Food Policy Councils (FPC) help to identify and address the priorities of local, state, and regional food systems with the goal of improving food systems through policy. There is limited research describing FPCs' strategies for accomplishing this goal. As part of a larger study examining FPC policy efforts, this paper investigates the role of partnerships in food systems policy change. We conducted interviews with representatives from 12 purposefully selected FPCs in the United States and 6 policy experts identified by the selected FPC representatives to document and describe their policy work. One theme that emerged from those interviews was the role of partners. Interviewees described a range of partners (e.g., stakeholders from government, business, and education) and credited FPC partnerships with advancing their policy goals by increasing the visibility and credibility of FPCs, focusing their policy agenda, connecting FPCs to key policy inputs (e.g., local food community knowledge and priorities), and obtaining stakeholder buy-in for policy initiatives. Partnerships were also described as barriers to policy progress when partners were less engaged or had either disproportionate or little influence in a given food sector. Despite these challenges, partnerships were found to be valuable for FPCs efforts to effectively engage in the food policy arena.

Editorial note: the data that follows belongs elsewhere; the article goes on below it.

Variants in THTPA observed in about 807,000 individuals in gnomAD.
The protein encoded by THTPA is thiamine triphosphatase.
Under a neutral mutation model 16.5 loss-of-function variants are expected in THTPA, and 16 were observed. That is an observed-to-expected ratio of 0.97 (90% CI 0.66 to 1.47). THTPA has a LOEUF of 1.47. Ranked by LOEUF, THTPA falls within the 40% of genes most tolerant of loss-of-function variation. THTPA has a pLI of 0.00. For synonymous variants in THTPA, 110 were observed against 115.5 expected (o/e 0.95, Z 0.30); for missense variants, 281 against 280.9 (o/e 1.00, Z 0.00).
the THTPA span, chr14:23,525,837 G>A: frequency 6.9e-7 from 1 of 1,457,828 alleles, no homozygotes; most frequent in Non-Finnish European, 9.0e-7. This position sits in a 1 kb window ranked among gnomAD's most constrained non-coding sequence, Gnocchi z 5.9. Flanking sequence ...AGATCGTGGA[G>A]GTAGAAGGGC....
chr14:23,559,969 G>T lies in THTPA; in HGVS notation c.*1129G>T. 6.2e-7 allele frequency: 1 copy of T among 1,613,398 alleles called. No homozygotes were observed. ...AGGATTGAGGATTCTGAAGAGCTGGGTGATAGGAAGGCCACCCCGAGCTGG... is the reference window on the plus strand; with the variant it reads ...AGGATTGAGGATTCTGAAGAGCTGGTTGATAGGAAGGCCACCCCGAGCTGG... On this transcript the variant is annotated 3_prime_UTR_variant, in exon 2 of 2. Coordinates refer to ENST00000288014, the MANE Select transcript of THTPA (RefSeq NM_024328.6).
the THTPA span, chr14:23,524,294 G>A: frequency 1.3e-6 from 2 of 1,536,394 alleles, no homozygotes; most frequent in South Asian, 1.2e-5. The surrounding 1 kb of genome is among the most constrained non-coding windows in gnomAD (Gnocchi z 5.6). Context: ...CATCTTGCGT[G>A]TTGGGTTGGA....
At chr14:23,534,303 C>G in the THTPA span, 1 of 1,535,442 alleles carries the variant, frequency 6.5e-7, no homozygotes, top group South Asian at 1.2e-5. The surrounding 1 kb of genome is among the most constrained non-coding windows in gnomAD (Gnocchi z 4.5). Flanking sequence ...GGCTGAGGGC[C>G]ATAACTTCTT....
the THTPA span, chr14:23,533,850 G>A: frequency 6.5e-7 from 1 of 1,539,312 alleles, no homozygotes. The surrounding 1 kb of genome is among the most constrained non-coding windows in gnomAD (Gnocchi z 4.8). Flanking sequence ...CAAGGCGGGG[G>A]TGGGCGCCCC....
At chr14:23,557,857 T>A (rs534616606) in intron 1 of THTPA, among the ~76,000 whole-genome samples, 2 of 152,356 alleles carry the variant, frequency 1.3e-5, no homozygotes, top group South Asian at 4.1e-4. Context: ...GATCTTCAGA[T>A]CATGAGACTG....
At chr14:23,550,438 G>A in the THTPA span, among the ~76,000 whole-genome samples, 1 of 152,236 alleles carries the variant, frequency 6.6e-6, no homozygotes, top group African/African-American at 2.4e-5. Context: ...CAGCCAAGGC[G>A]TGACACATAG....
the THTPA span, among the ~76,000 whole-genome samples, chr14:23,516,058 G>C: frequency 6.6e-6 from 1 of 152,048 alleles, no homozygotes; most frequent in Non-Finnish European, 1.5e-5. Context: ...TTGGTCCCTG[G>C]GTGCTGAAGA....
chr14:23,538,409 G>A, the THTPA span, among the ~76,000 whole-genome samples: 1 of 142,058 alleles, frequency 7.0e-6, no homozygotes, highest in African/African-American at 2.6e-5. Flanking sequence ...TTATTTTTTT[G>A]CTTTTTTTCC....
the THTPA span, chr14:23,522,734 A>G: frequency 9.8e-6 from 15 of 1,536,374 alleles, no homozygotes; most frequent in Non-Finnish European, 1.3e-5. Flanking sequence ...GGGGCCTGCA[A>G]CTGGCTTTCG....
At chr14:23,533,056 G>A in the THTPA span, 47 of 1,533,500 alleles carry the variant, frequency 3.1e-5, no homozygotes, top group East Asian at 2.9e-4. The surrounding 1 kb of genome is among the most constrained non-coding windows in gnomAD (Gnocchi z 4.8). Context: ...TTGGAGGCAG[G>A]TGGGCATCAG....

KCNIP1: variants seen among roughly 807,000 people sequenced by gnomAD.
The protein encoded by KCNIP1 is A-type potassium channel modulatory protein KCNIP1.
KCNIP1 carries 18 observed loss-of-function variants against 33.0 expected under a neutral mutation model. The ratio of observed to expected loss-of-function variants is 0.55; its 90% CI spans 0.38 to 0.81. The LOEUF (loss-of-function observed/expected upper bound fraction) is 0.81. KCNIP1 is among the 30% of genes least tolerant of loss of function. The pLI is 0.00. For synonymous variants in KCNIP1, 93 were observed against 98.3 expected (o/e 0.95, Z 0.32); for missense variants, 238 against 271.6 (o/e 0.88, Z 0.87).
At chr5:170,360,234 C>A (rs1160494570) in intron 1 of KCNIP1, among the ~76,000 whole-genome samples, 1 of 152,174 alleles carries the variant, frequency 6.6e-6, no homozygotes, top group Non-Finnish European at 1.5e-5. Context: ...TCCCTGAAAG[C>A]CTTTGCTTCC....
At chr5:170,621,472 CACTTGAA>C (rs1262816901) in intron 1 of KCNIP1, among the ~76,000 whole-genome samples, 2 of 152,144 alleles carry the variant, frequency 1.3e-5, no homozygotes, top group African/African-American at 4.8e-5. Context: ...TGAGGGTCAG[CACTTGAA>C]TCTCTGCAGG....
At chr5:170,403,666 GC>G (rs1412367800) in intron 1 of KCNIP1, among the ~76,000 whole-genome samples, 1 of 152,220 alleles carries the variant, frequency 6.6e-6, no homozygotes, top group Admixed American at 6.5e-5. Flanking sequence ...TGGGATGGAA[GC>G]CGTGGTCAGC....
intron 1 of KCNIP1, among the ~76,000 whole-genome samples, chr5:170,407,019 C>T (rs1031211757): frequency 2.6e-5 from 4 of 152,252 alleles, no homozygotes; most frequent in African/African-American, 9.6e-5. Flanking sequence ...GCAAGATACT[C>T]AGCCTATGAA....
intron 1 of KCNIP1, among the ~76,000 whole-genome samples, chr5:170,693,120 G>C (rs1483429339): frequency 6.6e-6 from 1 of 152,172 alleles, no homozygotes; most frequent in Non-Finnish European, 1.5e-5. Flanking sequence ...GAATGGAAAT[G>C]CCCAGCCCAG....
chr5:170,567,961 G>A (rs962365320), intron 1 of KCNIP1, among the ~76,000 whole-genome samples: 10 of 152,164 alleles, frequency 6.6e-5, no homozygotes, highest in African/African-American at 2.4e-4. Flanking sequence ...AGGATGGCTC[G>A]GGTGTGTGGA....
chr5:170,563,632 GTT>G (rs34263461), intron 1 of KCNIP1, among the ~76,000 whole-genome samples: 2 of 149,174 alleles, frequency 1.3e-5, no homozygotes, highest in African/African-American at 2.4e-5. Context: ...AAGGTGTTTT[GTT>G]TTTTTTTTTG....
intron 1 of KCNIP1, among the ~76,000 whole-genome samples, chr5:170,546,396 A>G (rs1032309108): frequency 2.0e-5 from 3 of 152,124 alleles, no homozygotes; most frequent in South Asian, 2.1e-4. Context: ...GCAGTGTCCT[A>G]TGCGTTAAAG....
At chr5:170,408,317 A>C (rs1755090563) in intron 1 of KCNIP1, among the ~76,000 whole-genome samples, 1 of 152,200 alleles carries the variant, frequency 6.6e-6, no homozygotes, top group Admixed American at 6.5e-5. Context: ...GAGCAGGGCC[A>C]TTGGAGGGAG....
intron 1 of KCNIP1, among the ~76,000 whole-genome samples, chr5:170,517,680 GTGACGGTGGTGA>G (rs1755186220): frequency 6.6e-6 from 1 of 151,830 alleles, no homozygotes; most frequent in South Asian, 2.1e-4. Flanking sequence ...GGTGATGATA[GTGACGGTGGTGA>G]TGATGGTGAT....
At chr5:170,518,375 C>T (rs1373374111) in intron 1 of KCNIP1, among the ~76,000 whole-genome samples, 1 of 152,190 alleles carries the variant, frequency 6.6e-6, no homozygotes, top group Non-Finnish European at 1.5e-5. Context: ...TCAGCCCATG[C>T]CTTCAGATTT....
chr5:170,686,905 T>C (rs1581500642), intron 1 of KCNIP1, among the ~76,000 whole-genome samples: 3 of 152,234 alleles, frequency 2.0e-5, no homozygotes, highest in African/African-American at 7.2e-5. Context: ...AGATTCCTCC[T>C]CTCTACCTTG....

ASJC Scopus subject areas
- Biochemistry, Genetics and Molecular Biology(all)
- Agricultural and Biological Sciences(all)